Pulling On Lead

Dogs pull for a number of reasons, from anticipation to fear. Teaching a dog to walk on a loose lead is essential, if you want to be able to enjoy walking with your dog. Loose lead walking is about getting the dog to pay attention to you. Basically, if your dog pulls it’s because they are confused as to who is really in control.

Here’s how to get your dog to walk beside you:

  • Start on a normal walk, at a slow pace.
  • If you run or jog with a puller you are encouraging them to pull.
  • Whenever the dog starts to pull, immediately stop. Hold the leash firmly, but do not try and pull the dog back to you.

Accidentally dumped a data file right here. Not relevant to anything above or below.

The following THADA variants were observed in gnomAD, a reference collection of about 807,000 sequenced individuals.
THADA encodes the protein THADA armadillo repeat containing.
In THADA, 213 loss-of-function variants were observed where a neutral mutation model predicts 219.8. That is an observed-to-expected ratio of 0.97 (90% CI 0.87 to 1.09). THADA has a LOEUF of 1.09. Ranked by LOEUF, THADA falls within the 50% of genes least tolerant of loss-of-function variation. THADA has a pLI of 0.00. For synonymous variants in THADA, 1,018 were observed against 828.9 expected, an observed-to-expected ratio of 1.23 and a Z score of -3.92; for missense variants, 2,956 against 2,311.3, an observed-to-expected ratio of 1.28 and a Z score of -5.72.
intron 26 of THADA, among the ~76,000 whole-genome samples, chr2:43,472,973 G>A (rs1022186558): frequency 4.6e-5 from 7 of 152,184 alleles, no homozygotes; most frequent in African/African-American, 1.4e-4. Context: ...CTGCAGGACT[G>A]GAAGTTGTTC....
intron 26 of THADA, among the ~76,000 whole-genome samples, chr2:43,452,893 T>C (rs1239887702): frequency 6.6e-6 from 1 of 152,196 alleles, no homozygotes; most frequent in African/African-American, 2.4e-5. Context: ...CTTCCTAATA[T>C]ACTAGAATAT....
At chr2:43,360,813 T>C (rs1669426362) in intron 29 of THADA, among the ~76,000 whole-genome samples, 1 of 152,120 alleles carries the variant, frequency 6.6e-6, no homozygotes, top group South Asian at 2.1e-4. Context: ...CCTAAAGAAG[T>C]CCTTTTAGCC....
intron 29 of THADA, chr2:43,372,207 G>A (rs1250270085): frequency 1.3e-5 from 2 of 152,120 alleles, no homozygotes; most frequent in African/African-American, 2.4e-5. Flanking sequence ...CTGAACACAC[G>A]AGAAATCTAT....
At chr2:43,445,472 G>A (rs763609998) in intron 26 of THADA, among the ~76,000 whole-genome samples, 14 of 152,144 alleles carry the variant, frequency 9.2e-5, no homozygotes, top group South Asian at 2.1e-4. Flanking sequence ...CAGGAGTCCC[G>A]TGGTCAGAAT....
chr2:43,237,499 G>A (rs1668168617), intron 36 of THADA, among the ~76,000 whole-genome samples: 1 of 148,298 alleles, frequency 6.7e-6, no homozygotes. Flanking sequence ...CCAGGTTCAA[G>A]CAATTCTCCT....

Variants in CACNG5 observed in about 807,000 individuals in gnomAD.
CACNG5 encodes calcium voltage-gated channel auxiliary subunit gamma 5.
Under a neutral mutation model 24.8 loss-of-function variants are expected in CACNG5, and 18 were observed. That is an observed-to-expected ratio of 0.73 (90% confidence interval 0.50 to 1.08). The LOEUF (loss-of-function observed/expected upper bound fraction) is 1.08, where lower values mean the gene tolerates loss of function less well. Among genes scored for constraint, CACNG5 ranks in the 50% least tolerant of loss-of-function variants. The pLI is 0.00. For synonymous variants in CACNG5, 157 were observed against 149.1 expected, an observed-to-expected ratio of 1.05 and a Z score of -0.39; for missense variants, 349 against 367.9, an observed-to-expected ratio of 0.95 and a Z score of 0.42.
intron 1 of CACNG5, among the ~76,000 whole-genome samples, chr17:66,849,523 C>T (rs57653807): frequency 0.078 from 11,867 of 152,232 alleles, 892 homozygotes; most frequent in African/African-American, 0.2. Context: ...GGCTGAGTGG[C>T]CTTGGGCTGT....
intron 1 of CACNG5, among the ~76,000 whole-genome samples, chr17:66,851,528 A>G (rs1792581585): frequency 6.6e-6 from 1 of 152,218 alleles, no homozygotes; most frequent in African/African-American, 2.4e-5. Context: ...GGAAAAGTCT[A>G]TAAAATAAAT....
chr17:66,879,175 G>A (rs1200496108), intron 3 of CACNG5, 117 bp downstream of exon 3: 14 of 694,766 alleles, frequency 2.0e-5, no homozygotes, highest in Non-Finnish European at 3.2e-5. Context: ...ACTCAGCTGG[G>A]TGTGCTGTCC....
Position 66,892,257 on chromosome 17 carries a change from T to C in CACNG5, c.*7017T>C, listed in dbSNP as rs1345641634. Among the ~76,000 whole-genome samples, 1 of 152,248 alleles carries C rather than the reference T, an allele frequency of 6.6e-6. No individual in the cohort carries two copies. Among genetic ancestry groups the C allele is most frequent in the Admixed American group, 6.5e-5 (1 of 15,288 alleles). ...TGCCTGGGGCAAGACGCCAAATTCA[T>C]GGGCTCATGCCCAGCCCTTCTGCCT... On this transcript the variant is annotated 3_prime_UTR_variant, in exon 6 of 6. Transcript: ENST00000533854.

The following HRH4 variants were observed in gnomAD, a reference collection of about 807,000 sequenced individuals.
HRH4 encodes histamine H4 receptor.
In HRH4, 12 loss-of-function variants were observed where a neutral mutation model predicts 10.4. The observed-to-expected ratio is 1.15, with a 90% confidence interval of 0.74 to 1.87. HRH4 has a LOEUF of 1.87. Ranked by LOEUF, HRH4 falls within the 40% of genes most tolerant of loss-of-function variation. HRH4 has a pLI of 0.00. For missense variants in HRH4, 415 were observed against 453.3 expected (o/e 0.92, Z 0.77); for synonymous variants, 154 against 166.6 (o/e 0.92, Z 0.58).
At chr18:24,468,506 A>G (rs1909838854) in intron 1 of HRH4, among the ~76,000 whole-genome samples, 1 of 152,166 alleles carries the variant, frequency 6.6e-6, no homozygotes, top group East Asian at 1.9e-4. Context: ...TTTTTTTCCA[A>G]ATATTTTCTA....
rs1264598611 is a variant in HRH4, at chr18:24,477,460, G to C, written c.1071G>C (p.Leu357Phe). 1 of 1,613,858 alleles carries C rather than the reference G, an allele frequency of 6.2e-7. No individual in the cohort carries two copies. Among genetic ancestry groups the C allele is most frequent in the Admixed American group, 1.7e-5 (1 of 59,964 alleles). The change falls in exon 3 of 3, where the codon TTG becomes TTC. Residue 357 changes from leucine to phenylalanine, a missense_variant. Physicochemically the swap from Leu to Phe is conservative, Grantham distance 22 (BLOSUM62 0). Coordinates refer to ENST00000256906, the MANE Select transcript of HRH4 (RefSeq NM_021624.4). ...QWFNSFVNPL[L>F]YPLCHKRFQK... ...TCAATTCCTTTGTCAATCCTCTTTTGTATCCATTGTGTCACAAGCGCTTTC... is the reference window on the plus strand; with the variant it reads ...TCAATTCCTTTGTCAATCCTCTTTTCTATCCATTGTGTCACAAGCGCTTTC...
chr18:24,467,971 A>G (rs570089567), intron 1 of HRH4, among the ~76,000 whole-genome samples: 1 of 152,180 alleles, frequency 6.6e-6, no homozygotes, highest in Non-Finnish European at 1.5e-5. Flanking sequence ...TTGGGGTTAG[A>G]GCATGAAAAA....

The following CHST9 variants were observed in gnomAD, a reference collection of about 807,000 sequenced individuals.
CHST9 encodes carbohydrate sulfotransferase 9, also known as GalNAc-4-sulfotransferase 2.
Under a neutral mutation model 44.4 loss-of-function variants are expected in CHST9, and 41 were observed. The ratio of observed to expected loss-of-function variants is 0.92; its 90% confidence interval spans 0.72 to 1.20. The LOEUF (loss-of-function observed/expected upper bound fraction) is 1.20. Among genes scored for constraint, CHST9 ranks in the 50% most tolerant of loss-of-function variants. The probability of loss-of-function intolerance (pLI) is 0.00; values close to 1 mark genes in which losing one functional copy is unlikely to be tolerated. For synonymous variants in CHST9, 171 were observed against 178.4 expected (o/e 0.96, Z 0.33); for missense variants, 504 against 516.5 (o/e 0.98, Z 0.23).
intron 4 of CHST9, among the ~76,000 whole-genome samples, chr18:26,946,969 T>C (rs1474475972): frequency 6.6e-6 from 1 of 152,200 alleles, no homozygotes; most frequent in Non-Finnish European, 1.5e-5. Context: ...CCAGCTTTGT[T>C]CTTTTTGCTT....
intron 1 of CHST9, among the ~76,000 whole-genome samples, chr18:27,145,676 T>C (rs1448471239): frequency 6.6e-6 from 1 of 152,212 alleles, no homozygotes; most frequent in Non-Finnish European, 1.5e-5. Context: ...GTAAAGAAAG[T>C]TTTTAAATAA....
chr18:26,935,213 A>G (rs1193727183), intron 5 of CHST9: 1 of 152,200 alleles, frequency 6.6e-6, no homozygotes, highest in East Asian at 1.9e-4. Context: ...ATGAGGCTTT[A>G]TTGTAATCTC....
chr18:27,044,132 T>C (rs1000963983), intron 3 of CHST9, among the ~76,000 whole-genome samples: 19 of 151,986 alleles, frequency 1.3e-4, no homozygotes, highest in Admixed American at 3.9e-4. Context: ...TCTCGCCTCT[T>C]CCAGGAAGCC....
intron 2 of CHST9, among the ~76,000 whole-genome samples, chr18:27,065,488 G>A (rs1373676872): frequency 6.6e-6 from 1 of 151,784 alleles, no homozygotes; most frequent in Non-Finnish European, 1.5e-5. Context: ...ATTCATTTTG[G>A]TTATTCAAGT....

• When your dog turns his head to look at you, give a hearty “WELL DONE” then move forward and keep on walking. Every now and again when this happens give them a treat as well as the well done. This is called yielding to the leash.
  • Do not try to take long walks with this method. Your dog will soon become restless, get tired or just get bored with this training.
  • After about a month of taking walks like this, your dog will no longer be taking you for a walk! It takes time to undo the habit, but you can replace one with another.
  • Your might think that’ll never work. The only reason a dog pulls is to try and get you to move faster. This can be motivated by anything from excitement to fear. However, when the dog tries to get you to move faster and the result is stopping altogether, the dog will quickly understand that you are in control of the walks. You determine the time, place and speed. Once the dog has established this, it will no longer pull.